My name is Ramasimong Phillip Tsokolibane. I am the leader of the LaRouche movement in South Africa. But I make this urgent appeal not as a citizen of my country, but as a spokesman for all those who are now starving or who will soon face starvation in Africa, and have no one to speak on their behalf.
Right now, many millions of my fellow Africans are starving. They are starving thanks to a combination of deliberately enforced underdevelopment of my continent—enforced by the neocolonial power of the British Empire, acting through their financial power in the City of London and Wall Street—now intersecting both a global pandemic and locust plagues and other natural disasters affecting food production on the continent. To use the technical language, they are suffering from “Acute Food Insecurity Phase 4: Emergency,” one step away from “Phase 5: Famine.” If you drop the polite jargon, they are already starving, while millions more will also face starvation unless food is made available to them quickly.
“Humanity is facing the greatest crisis any of us have ever seen. It’s time for those who have the most to step up, to help those who have the least.’ That warning came from David Beasley, Executive Director of the UN World Food Programme, on 17 September. He wrote that 30 million people are now in danger of dying from starvation. Most of them are in Africa.
I want to stress that this is not a matter of what will happen—it is already happening. And unless something is done and done soon, millions and millions of people will die in the immediate weeks and months ahead, as David Beasley warned. He had already addressed the UN Security Council in April, warning that 300,000 people could die every day.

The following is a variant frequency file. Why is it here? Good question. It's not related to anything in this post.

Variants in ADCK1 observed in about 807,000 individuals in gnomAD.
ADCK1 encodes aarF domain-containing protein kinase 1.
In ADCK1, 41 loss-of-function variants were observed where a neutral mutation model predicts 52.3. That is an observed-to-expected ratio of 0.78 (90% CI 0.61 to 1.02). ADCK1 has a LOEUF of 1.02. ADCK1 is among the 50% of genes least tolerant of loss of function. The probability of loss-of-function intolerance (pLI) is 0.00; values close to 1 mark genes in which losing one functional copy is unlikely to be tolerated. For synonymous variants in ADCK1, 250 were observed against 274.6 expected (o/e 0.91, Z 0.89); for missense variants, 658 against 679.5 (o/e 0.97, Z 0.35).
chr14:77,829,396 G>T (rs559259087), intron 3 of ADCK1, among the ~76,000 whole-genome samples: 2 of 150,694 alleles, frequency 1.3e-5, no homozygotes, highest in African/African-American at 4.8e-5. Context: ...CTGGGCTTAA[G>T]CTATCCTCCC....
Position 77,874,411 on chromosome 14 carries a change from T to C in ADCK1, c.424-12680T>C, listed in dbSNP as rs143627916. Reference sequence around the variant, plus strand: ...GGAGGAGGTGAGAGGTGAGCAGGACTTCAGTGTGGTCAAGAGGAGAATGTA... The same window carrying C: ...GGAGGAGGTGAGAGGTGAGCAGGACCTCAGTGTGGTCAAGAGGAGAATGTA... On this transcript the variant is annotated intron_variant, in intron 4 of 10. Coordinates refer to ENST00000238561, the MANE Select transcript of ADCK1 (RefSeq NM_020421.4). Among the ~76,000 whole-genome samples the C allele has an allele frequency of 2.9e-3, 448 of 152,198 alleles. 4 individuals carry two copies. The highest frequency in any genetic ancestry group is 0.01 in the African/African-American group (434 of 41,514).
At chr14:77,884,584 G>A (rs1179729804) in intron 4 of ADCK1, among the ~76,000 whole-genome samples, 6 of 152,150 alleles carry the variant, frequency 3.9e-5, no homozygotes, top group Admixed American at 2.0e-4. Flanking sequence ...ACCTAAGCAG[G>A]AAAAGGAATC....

While various charitable and other organizations have sounded alarm bells and have appealed for money, the issue we face, if we want to save lives, is securing massive amounts of food, as soon as possible, to hungry and starving people. Given the state of infrastructure on the continent and the fact that much of this starvation is occurring in isolated, rural areas, the distribution that must take place is well beyond the means of individual governments and those of relief agencies.
I believe we must mobilize the logistical capacities of the world’s most capable military forces and design a strategy to bring food supplies from such food-producing nations as the United States and Canada, and bring them directly to those who need them. Let allies and adversaries alike, join forces, in this greatest of all humanitarian efforts. In his most recent encyclical letter, Fratelli Tutti (On Fraternity and Social Friendship), His Holiness Pope Francis wrote that it is finally time for mankind to give up the idea that war is justifiable—any kind of war that takes human life. But this is rather a war—or more precisely, an international battle—to save that most sacred of things, human life.
I appeal to the American President, Donald Trump:
Take up this challenge. Give America’s farmers the mission to produce the food to feed the starving, while deploying the vast resources of the U.S. military on this mission of mercy to bring food to those who need it on my continent. Do this, in the spirit of your wife, the gracious First Lady Melania, who pledged to help Africa and especially its children in any and every way possible, while visiting the continent in October 2018. By emergency action, take whatever steps are necessary to make this happen.
This should be sufficient reason to convene that international great power summit called for by the great lady, Helga Zepp-LaRouche, chairwoman of the Schiller Institute.
We can save lives, but it will take an international effort to do so. The U.S. did this once before. I am reminded of that great effort to get food to the starving people of post—World War II Europe, that involved a mobilization of the noble and good American people, who sent those CARE packages and food supplies.
My African sisters and brothers can be saved if the will is there, and if people see themselves as acting in the spirit of caritas (agapē), rising above petty differences to do something good and great.